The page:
To expand on script-writing; this can make or break characters. They could have all the write ingredients yet if the script is poor and inconsistent, they'll just be another character. An example of a well done character with a decent script would be Garrett from the Thief series of games. He was the good guy but not as you know it, he was just some dude living one day at a time trying to make ends meet amidst solving some rather strange mysteries. The thing that made Garrett so great was his frequent comments throughout the levels, often sarcy – he was essentially talking to himself with just you listening in. Characters who don't talk are often unrelatable and pretty bland characters.

Take Gordan Freeman for example. I feel I should really like this guy, the Freeman, he doesnt talk and looks like a bit of a geek, which is unique. I like him as far as that goes however it stops there due to him never saying a word. How can you relate to this guy who does nothing but swing a crowbar with repetitious monotony? Still, he gets points for being different.

This brings me to voice acting. In books there are no voices so you have to make it up in your head, I'm a little slow with such complex exercises so generally all the characters sound the same. This doesn't necessarily ruin it for me. However in games a good voice actor can really inspire appreciation for a character whereas a bad voice can completely ruin it. A few examples of good voice acting:
Several of the voices from Fable 3: A lot of the voices in this game were done by well known actors such as Simon Pegg, Stephen Fry and Michael Fassbender. Getting professional talent for your voices, though not essential, really helps it a long. The prince (you) however, has a terrible voice that doesn't fit. Your brother isn't really that posh, yet you are, very. Add that onto your everyday role of slicing and dicing, burning and looting and it seems to disintegrate the image somewhat.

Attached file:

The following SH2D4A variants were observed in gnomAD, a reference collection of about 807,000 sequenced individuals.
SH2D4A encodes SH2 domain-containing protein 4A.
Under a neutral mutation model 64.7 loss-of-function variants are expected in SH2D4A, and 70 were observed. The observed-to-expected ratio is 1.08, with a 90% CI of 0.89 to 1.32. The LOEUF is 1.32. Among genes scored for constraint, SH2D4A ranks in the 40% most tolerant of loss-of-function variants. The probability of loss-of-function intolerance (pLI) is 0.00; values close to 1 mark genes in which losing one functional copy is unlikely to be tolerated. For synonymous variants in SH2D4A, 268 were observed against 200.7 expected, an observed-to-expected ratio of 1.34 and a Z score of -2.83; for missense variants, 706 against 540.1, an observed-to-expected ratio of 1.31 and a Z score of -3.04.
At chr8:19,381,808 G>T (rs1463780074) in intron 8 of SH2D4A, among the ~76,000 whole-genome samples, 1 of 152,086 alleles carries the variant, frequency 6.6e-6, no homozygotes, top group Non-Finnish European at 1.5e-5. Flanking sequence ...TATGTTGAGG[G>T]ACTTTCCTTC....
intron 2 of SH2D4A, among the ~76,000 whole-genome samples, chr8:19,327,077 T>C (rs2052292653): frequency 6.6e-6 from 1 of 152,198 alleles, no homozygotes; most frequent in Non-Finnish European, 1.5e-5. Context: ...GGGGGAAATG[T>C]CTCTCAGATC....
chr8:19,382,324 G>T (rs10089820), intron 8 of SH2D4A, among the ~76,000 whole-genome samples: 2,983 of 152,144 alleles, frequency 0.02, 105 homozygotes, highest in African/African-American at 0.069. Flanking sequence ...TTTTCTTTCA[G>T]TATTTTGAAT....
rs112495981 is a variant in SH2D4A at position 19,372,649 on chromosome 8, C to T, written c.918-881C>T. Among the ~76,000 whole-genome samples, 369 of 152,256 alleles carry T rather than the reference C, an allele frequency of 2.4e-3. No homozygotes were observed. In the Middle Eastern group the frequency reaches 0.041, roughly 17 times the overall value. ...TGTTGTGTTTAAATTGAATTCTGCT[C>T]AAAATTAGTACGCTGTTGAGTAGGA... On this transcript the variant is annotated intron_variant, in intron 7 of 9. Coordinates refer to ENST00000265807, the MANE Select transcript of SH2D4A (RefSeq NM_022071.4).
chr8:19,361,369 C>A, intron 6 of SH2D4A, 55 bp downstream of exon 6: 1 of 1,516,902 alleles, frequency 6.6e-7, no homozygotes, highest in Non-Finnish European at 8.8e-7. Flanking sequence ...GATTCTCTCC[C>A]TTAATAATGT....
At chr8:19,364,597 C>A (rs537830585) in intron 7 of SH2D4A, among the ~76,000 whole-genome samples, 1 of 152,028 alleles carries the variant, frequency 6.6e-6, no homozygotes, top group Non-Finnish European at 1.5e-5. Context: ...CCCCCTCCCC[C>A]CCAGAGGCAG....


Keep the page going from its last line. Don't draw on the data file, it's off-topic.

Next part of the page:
Another good example would be Martin Septim from The Elder Scrolls: Oblivion, played by Sean Bean. You can tell he put a lot of effort into bringing across emotion into this character. Game Director at Bethesda, Todd Howard, stated that Sean Bean "didn't get enough credit for his role as Martin." With which I strongly agree.

Some links to examples of what I find to be good voice acting:
Shade of Aran, World of Warcraft -
Various voices, Transformers (2007)

Adding star status into your games always seems to be a winner. Ron Perlman, Liam Neeson and Patrick Stewart for just a few examples of this. It's nice to see more and more actors lending their voices to games, it shows that this industry is really going somewhere and being accepted.

Voices, however are not the be all and end all, despite the power to absolutely destroy a character with poor voice acting, or possibly cause them to become pop-culture icons because of it like Barry from Resident Evil or Dante from the first Devil May Cry.


Stop laughing; I am evil!
Aside from voices the biggest part, with first impressions riding on it, are appearances. As I stated at the beginning, I loathe knights in shining armor. So for me, to see that typical guy in full plate with golden trim, mighty steed and heaven forbid, wings, causes me want to shit myself with woe. Poor character design can really cripple a characters persona like Venger from the old Dungeons and Dragons cartoon series; He's bad, but could you really take that guy seriously? He's got one bent horn thing sticking out of his head that seems to have a bit of a growth issue on the back. On top of that he's goofy and wears a dress.

No comments:

Post a Comment